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Chris Gampat The Phoblographer Sigma dp and 50mm f1.4 product images first impressions (12 of 12)ISO 64001-40 sec at f - 5.6

In the world of photography–be it that the craft is carried out professionally or leisurely–it has always been a matter of dispute whether a prime lens is preferred over a zoom lens, or the other way around. We here at The Phoblographer tend to think rather pragmatically about this: each has its own merits and downsides, and it clearly depends on what you’re up to. Let’s however for a moment assume that you lean towards using prime lenses–or you want to. After years of lens testing lenses, we think there are five essential focal lengths that every photographer should try at least once. These are the 24mm super wide-angle, the 35mm wide-angle, the 50mm normal, the 85mm short telephoto, and the 135mm telephoto.

Before you go on, we also want you to remember that no one is making a bad camera or lens.

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All images by Shane Welch. Used with permission.

Photographer Shane Welch has been shooting documentaries for a while now, and most recently his Foxtail Furs project caught our eyes. He splits his time between Chicago (where he grew up) and Seattle, Shane travels a lot in order to create documentary projects, and that’s how he was able to do the Foxtail Furs project. It’s about a family that lives on an island in Lake Michigan that raises foxes.

And for Shane, it was about telling their story.

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All images by Calvin Hobson. Read more at the Phoblographer.

Photographer Calvin Hobson has a very unique story as a photographer. He’s a former armed service member, and always had the creative bug in him. Calvin had the opportunity to travel a lot with the US Air Force, and since leaving he has transitioned into shooting weddings. Like many wedding photographers, he had faced many of the problems of an oversaturated market. But he found ways to overcome them not only through his work, but his people skills.

As many photographers will tell you, people skills are one of the best things that you can have a professional.

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All photos by Kyle Dean Reinford. Used with permission.

When it comes to concert photography, Kyle Dean Reinford is no doubt one of the best in the business. But he also tells us that he’s still not sure that it’s his true calling. Kyle has been shooting professionally for years and has experienced lots of the changes that have happened as of recent: such as digital rights management and over-saturation of the market.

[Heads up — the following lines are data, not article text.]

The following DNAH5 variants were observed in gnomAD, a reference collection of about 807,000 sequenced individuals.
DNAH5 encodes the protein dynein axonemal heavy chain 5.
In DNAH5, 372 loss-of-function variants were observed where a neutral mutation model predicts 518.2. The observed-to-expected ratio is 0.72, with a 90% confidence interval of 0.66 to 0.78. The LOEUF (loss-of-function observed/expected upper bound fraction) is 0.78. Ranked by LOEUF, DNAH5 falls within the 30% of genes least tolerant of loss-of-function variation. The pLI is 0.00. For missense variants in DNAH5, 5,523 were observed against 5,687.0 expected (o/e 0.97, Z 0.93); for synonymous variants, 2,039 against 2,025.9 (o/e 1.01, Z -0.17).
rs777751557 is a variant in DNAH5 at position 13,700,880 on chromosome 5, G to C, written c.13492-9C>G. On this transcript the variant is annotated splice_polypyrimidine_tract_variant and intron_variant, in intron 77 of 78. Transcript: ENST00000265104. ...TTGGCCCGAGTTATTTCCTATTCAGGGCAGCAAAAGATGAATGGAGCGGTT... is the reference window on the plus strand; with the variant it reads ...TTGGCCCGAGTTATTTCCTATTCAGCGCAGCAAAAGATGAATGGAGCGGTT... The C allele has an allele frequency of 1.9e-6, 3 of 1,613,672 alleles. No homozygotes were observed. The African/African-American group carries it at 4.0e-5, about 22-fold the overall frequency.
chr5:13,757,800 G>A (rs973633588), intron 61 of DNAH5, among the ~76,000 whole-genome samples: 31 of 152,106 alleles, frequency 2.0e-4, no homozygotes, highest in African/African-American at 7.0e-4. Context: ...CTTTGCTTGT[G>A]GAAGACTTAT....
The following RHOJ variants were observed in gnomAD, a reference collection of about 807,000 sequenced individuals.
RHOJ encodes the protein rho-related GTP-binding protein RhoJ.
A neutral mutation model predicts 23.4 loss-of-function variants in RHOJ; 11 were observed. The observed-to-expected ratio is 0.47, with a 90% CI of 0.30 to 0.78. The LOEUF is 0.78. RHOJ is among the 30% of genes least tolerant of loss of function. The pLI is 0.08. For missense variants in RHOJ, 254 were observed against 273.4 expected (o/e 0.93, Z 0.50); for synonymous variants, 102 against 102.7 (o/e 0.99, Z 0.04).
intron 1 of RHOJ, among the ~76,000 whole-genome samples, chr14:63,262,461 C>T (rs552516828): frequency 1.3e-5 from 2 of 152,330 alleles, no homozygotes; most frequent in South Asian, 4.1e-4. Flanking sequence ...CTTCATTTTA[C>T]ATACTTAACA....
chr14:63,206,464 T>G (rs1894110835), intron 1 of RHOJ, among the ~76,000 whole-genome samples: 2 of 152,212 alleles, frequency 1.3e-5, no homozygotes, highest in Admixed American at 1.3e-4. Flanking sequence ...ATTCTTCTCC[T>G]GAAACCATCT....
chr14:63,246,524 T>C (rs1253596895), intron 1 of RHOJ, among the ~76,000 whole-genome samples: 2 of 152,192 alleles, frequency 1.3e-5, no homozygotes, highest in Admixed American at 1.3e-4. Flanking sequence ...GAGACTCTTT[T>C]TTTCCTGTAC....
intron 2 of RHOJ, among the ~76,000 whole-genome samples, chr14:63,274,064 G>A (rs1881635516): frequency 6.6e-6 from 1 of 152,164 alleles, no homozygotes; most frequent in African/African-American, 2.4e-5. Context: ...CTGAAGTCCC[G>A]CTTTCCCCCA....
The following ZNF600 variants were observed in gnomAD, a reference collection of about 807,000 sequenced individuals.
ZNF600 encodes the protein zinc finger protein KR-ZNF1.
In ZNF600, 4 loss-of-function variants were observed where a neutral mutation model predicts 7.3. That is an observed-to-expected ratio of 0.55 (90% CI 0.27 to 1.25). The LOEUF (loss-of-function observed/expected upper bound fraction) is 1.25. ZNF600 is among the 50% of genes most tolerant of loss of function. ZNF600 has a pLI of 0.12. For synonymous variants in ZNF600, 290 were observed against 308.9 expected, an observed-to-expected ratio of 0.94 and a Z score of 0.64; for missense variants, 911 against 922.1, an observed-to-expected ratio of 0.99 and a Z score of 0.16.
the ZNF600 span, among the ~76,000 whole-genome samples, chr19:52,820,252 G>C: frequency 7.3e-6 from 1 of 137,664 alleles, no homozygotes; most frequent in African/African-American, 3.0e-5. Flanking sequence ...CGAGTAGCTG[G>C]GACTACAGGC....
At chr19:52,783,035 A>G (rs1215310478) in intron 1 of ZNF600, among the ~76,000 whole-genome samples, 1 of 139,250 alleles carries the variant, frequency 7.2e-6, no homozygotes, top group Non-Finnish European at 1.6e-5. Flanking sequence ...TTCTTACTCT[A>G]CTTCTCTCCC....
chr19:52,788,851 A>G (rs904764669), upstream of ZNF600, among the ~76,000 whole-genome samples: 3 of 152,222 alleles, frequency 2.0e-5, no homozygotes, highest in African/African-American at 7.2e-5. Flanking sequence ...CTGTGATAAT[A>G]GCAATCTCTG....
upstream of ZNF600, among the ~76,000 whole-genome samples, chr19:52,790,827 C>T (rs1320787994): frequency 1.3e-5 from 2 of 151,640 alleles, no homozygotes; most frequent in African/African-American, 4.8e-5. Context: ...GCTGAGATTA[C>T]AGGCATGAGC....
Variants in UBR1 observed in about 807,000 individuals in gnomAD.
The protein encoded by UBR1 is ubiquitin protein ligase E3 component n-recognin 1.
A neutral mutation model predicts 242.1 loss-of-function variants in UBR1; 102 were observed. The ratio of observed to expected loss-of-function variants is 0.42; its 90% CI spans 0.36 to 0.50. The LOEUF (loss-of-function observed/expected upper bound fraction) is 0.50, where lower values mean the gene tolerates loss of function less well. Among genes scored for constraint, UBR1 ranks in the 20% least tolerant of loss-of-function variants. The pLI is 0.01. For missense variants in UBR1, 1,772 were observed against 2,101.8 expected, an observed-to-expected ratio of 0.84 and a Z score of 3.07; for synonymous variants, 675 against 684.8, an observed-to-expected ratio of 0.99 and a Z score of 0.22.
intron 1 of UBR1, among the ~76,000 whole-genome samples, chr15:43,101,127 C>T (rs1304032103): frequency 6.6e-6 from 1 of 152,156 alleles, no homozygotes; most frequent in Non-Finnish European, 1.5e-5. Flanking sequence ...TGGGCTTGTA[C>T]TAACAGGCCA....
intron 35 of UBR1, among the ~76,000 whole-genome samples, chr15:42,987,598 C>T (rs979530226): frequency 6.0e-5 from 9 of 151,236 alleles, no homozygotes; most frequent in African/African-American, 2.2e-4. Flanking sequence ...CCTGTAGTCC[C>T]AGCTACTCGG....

But most of all, Kyle thinks that concert photography is one heck of a thrill.

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All images by Josh Kane. Used with permission.

Photographer Joshua Kane lives the dream of so many photographers. He gets paid to travel the world, photograph weddings for clients, and in some ways lives a creatively enriched life because of it. But Josh tells us that doing destination wedding photography these days is a ballsy move, and because of it he only shoots 10% of the time and 90% of his time is spent editing, booking clients, negotiating, marketing, etc. While that doesn’t sound so fun for an aspiring photographer, it is a reality. When you combine this with Josh’s goal to give every single wedding client unique images (and the amount of work that he puts into it) Josh is in many ways still challenging himself creatively.

We talked to him about destination wedding photography, the challenges, the clients, and how he started out.

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Kevin-Lee The Phoblographer -Fujifilm XF 18-135mm f3.5-5.6 R LM OIS WR Lens Product Images (4 of 5)

In terms of technical speak, if you want to get the absolute best performance from your camera, you’ll need a solid lens. Many portrait photographers that use DSLRs tend to reach for the closest 70-200mm f2.8 zoom lens that they can get their hands on. But you don’t necessarily need those!

Mirrorless camera technology has come a long way to where we now have unique lineups and interpretations of the famous telephoto zoom lens. And you have lots of choices.

Here are just some of our favorite portrait lenses for your mirrorless camera. But before you even begin to shoot portraits, we recommend that you read the basics first.

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